It’s a given, when you start photography you’ll be bombarded by people in the ‘know’ about how to photograph, what to photograph and when to photograph. In my time working in the imaging industry I’ve heard many of these suggestions, both from beginners and professionals.
The same goes for the majority of the contributors over at F Stop Lounge, so we put together a list of the worst advice we’ve heard over the years…
- If you have the most expensive camera you’ll be the best photographer.
- You don’t need a spare battery.
- One memory card is enough.
- You need expensive gear to be a professional photographer.
- You can just Photoshop it later.
- Always use prime lenses because they’re sharper.
- Only shoot at ISO 100 as it’s the best.
- To beginners: “X” lens is the best to start with, buy that! (It’s usually some ridiculously expensive lens like an 85 1.2 or a tilt shift).
- Put the sun behind your back when taking photos of people.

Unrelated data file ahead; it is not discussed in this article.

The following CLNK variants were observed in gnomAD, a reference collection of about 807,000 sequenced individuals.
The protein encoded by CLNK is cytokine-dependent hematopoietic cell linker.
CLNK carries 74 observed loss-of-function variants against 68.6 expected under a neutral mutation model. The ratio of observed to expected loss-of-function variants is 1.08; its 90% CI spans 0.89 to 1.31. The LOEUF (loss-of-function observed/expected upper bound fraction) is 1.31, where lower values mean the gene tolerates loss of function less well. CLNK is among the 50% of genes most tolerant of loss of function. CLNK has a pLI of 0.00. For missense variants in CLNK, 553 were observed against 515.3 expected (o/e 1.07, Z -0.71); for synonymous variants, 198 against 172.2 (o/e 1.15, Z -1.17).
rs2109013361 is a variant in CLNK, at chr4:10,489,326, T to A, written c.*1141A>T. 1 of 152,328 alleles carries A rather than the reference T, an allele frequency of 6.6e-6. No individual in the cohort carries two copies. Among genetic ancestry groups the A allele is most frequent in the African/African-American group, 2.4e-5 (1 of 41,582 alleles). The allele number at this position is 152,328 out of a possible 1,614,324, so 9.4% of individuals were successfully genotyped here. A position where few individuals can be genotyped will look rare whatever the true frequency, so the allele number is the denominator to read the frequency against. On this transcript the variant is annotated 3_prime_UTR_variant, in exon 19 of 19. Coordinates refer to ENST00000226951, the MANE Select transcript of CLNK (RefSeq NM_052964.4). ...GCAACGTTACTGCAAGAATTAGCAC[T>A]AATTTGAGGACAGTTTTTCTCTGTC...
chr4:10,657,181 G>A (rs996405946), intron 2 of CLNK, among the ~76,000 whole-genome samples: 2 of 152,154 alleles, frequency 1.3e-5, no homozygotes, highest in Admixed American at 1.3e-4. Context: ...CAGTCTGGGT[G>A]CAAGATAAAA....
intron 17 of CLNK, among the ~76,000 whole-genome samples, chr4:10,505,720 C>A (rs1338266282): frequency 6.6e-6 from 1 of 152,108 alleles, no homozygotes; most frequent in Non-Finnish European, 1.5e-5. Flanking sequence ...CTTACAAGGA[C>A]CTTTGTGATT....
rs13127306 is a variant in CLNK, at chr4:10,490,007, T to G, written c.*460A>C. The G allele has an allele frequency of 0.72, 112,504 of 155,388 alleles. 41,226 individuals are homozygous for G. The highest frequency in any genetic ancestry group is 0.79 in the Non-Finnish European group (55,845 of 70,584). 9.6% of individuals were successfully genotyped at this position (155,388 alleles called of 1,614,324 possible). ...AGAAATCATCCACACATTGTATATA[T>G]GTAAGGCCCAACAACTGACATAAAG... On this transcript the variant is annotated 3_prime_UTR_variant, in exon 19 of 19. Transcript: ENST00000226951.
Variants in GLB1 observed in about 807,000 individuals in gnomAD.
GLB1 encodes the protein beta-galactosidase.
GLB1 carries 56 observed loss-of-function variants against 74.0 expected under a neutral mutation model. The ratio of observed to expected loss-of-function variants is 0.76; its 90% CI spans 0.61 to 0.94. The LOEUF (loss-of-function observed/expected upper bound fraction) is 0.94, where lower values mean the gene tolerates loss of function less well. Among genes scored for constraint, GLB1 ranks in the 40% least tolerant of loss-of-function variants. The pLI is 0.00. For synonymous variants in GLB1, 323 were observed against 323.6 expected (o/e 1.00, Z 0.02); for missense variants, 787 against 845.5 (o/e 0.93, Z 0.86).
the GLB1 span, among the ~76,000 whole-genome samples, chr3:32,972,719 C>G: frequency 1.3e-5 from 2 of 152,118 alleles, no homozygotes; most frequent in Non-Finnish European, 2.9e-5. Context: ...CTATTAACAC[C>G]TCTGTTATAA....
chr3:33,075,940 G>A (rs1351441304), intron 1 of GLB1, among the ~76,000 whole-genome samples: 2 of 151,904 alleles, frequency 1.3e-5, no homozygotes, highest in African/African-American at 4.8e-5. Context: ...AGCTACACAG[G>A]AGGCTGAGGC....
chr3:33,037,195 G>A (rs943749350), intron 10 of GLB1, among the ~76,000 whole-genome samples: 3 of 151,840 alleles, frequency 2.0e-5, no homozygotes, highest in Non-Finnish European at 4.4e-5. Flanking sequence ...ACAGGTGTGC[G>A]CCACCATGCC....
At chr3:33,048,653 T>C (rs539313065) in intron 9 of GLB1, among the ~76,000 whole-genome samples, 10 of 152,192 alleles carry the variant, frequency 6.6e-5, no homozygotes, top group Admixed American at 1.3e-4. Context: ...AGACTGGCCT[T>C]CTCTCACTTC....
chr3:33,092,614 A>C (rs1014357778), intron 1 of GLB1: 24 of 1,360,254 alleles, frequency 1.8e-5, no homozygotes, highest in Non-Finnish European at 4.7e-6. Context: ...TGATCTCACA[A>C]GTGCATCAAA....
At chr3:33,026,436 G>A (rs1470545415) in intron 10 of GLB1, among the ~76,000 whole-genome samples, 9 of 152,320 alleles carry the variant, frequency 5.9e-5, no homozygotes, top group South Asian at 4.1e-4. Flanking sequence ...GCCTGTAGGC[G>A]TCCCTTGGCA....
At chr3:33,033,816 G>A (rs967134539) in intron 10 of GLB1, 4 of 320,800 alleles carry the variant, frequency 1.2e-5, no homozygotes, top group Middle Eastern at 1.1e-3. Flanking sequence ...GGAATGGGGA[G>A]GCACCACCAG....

- Any advice that ends with “because it is the right way to do things” or “because it is the best” is the worst advice.
- Advice that only gives exact settings instead of the reasons behind each one.. ie – night photography: shoot at ISO3200, f2.8 & 30 seconds.. Versus explaining why a high ISO is necessary and a 2.8 aperture.
- Don’t photograph into the sun.
- Always use a filter on the front of your lens.
- Don’t break the rule of thirds.
- Just point and click.
- Your cameras built in flash is perfectly fine, you don’t need an external flash.
About the author: Leigh Diprose is a photographer and social media specialist based in Melbourne Australia. This article was originally published on F Stop Lounge.
Image credits: Featured photograph by Handy Andy Pandy